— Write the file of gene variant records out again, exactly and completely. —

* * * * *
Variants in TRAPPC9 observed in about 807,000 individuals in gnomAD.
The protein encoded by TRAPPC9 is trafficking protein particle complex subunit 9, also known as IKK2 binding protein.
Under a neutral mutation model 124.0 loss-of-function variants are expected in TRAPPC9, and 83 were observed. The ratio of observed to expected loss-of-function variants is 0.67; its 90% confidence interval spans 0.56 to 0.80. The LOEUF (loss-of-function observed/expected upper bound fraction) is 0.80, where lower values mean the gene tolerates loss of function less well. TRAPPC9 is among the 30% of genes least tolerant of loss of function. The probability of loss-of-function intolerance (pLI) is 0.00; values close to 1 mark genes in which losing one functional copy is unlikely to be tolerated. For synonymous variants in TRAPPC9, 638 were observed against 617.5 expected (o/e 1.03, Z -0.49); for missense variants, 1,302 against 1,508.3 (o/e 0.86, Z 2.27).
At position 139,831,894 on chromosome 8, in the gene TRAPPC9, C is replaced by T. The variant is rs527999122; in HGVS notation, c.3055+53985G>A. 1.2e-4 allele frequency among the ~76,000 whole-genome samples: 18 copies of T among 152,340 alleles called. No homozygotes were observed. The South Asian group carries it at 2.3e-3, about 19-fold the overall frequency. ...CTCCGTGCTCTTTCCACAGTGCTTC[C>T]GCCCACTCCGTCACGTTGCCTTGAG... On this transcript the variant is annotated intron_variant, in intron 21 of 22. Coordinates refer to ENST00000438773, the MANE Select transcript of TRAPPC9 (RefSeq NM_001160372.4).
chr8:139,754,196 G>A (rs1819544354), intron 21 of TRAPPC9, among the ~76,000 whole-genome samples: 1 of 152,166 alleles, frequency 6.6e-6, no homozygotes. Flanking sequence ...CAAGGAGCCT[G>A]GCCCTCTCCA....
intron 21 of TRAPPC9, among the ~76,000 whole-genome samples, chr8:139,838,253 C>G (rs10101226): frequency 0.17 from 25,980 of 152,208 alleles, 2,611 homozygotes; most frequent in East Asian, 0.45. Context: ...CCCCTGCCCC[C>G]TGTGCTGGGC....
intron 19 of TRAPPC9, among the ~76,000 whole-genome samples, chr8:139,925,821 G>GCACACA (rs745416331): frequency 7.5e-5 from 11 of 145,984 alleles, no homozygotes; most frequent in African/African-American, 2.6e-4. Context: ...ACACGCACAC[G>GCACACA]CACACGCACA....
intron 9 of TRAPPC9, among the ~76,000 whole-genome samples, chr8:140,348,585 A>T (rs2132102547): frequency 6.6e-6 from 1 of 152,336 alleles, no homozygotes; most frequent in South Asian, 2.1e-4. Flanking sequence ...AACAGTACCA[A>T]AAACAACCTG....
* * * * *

Variants in TRAPPC9 observed in about 807,000 individuals in gnomAD.
The protein encoded by TRAPPC9 is trafficking protein particle complex subunit 9, also known as IKK2 binding protein.
Under a neutral mutation model 124.0 loss-of-function variants are expected in TRAPPC9, and 83 were observed. The ratio of observed to expected loss-of-function variants is 0.67; its 90% confidence interval spans 0.56 to 0.80. The LOEUF (loss-of-function observed/expected upper bound fraction) is 0.80, where lower values mean the gene tolerates loss of function less well. TRAPPC9 is among the 30% of genes least tolerant of loss of function. The probability of loss-of-function intolerance (pLI) is 0.00; values close to 1 mark genes in which losing one functional copy is unlikely to be tolerated. For synonymous variants in TRAPPC9, 638 were observed against 617.5 expected (o/e 1.03, Z -0.49); for missense variants, 1,302 against 1,508.3 (o/e 0.86, Z 2.27).
At position 139,831,894 on chromosome 8, in the gene TRAPPC9, C is replaced by T. The variant is rs527999122; in HGVS notation, c.3055+53985G>A. 1.2e-4 allele frequency among the ~76,000 whole-genome samples: 18 copies of T among 152,340 alleles called. No homozygotes were observed. The South Asian group carries it at 2.3e-3, about 19-fold the overall frequency. ...CTCCGTGCTCTTTCCACAGTGCTTC[C>T]GCCCACTCCGTCACGTTGCCTTGAG... On this transcript the variant is annotated intron_variant, in intron 21 of 22. Coordinates refer to ENST00000438773, the MANE Select transcript of TRAPPC9 (RefSeq NM_001160372.4).
chr8:139,754,196 G>A (rs1819544354), intron 21 of TRAPPC9, among the ~76,000 whole-genome samples: 1 of 152,166 alleles, frequency 6.6e-6, no homozygotes. Flanking sequence ...CAAGGAGCCT[G>A]GCCCTCTCCA....
intron 21 of TRAPPC9, among the ~76,000 whole-genome samples, chr8:139,838,253 C>G (rs10101226): frequency 0.17 from 25,980 of 152,208 alleles, 2,611 homozygotes; most frequent in East Asian, 0.45. Context: ...CCCCTGCCCC[C>G]TGTGCTGGGC....
intron 19 of TRAPPC9, among the ~76,000 whole-genome samples, chr8:139,925,821 G>GCACACA (rs745416331): frequency 7.5e-5 from 11 of 145,984 alleles, no homozygotes; most frequent in African/African-American, 2.6e-4. Context: ...ACACGCACAC[G>GCACACA]CACACGCACA....
intron 9 of TRAPPC9, among the ~76,000 whole-genome samples, chr8:140,348,585 A>T (rs2132102547): frequency 6.6e-6 from 1 of 152,336 alleles, no homozygotes; most frequent in South Asian, 2.1e-4. Flanking sequence ...AACAGTACCA[A>T]AAACAACCTG....